skip to primary navigation skip to content

Polar Bytes - No. 46, January 2008

Polar Bytes - No. 46, January 2008

Sir Wally's birthday cake
Sir Wally's birthday cake
Photo © Robin Back

From the Chairman, Robin Back:

Happy and Prosperous New Year to all our readers and successful training to all our sledgers and trekkers preparing for their ordeal! It was a great pleasure to attend the opening of the SPRI's exhibition of Sir Wally Herbert's paintings back in October. Lady Herbert and Kari opened the exhibition which featured a mix of Arctic and Antarctic subjects and cut a 'birthday' cake in memory of Sir Wally, who died in June last year.

Cathy Cooper
Cathy Cooper
Photo © Rolf Williams

At our sledgers/trekkers evening at Dyers Hall in London in November, we heard a very encouraging Darren Liversedge from Across the Divide tell us what to expect in Norway and in Greenland. The latter reinforced by Julian, who of course has first-hand knowledge. The excitement is infectious including amongst those going again! Our photo is of Cathy Cooper - sledger extraordinaire - with her 'thank you' presents for all her hard work

Our AGM was held on 10th November following Tony Soper's fascinating lecture about the historic exploitation of the northern and southern seas by whalers and sealers from the 16th to the 20th centuries. Thanks to all the efforts of the Friends during the year we were able to make significant donations to the Institute. The year was particularly notable for the creation and initial funding of the Museums Acquisition fund in the Spring. This in turn has proved something of a magic key for unlocking matched funding opportunities.

The AGM allowed me to thank Wendy Driver, Rod Downie and Rossie Ogilvy for their strenuous efforts and support on the committee over the past four years and to thank them all as they step down after their terms of office. We welcome, Jane Chisholm and Alison Jolley to the committee and look forward to working with them in the future. More about Jane and Alison will appear in due course on the committee's web page. We also welcome Ellen Bazeley-White, Archives Manager at BAS who takes over from Rod Downie in the New Year.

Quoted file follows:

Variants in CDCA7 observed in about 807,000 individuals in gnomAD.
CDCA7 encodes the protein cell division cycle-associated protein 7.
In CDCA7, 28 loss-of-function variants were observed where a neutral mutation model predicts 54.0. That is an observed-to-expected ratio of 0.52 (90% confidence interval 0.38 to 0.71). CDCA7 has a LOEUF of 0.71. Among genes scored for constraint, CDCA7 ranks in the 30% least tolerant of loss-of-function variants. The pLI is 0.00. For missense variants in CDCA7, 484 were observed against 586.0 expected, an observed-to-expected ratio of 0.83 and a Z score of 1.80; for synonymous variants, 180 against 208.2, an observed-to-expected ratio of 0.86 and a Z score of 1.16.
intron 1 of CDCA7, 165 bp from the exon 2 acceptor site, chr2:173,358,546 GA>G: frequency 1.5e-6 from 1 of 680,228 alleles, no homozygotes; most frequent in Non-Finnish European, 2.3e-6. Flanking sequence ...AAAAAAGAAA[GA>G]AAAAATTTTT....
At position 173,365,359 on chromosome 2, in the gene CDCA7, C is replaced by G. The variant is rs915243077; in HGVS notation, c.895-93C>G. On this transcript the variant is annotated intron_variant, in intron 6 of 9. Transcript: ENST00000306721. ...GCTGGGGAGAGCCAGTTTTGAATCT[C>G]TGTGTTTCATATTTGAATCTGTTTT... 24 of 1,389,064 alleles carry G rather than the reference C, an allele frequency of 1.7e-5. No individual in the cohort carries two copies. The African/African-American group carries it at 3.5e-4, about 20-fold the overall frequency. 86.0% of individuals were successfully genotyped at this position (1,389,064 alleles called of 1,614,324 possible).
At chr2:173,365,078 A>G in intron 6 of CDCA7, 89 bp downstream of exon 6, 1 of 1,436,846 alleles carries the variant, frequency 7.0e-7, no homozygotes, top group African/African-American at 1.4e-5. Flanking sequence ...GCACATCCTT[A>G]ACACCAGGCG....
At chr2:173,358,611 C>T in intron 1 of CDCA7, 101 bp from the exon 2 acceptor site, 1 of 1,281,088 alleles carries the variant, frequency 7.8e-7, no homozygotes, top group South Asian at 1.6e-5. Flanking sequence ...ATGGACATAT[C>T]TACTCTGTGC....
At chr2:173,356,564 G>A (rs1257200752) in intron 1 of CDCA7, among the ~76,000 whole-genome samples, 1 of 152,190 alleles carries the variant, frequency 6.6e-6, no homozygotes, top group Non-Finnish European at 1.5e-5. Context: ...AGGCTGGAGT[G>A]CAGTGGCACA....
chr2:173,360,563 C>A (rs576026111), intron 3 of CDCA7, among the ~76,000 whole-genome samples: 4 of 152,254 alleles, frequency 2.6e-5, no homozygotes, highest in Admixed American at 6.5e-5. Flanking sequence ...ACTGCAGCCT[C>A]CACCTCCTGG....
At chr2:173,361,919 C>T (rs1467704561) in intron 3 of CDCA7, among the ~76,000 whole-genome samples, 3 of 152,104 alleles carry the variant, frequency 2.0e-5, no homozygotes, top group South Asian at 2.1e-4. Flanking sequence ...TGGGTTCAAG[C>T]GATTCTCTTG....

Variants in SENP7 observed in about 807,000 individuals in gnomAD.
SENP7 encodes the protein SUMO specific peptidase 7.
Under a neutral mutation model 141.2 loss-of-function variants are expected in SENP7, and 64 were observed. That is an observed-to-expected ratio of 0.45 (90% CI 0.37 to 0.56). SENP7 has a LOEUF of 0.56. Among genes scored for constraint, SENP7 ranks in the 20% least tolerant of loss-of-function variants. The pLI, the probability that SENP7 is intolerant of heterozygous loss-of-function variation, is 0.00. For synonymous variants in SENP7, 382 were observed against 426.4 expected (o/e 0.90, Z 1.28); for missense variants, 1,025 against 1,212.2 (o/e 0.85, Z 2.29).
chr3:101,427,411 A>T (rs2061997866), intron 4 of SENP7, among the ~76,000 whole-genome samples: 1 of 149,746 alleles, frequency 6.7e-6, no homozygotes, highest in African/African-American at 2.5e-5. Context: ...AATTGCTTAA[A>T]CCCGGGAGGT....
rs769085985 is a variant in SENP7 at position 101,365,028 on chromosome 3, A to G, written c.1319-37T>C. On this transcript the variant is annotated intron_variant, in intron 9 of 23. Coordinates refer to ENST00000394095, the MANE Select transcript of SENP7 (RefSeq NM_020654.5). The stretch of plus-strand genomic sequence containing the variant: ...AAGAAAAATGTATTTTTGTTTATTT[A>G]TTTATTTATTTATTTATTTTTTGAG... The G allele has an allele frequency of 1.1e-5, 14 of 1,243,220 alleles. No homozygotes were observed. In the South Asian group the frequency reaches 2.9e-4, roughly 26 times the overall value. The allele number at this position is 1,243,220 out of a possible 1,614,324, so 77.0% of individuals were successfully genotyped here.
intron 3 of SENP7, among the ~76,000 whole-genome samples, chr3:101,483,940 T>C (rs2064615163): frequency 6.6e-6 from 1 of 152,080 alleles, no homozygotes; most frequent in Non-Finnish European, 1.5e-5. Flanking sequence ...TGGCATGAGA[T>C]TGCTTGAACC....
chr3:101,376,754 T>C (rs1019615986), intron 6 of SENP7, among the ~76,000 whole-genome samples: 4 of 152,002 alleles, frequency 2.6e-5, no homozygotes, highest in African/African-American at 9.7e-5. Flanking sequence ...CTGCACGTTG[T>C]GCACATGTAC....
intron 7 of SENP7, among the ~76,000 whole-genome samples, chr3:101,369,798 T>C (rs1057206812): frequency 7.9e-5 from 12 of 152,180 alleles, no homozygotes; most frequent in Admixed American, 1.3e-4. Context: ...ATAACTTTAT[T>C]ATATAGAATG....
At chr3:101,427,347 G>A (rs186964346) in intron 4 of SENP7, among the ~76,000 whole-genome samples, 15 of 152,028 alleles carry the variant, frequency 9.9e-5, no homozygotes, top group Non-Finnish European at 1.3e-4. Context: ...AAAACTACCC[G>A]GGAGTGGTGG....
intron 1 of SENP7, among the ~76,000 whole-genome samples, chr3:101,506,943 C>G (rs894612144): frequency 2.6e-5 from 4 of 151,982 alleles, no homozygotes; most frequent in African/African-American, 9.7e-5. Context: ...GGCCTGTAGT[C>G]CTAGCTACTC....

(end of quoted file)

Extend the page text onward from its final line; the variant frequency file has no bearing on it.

Ice Bear - Sir Wally Herbert
Ice Bear - Sir Wally Herbert
© Kari Herbert

We were in a quandary about the dates for our AGM in 2008 as the 8th November is Guy Fawkes night. However, it is already in our Autumn lecture series so we will stick with it. Please put the date in your diaries. The Lent term lecture series begins very promptly on the 9th February. More details on the attached flyer. And the first lecture from Bob Smith on the future plans for the museum is a 'must'.

Other enclosures include a letter from Capt. Bob Tarrant of HMS Endurance and a proposal to amend Article 6 of our Constitution as foreshadowed at the AGM.

Finally, I must say I have hugely enjoyed my first year as Chairman. High spots included the Bonhams' exhibition and Friends reception, Celene's establishment in her new role of PA, the AGM and latterly the evening at Dyers Hall, all of which reinforce the feeling that one is truly among friends in the Friends.

From the Institute

A few words from the Director, Julian Dowdeswell:

The polar regions have been in the news more than ever over the past year, with both high latitude climate change and the UK's polar heritage featuring regularly. Staff at the Institute have worked hard to make sure that we are playing a full part in this important aspect of our public outreach, with many contributions to television, radio and the newspapers throughout 2007.

Plans are also proceeding for the refurbishment of the SPRI Museum, with Bob Smith working hard to coordinate architects, estates managers and planners. This work is a vital part of the second phase of our bid to the Heritage Lottery Fund for over £900,000 towards the redesign and refurbishment project. If we are successful in our Phase Two bid, which is submitted in June 2008, we will also need to raise several hundred thousand pounds in matching funds - a significant challenge.

Our research work continues to prosper, with several new research grants from the Government's funding councils and from industrial and commercial sponsors. These funds allow us to employ research staff and to support research students working on both polar science and social-science projects.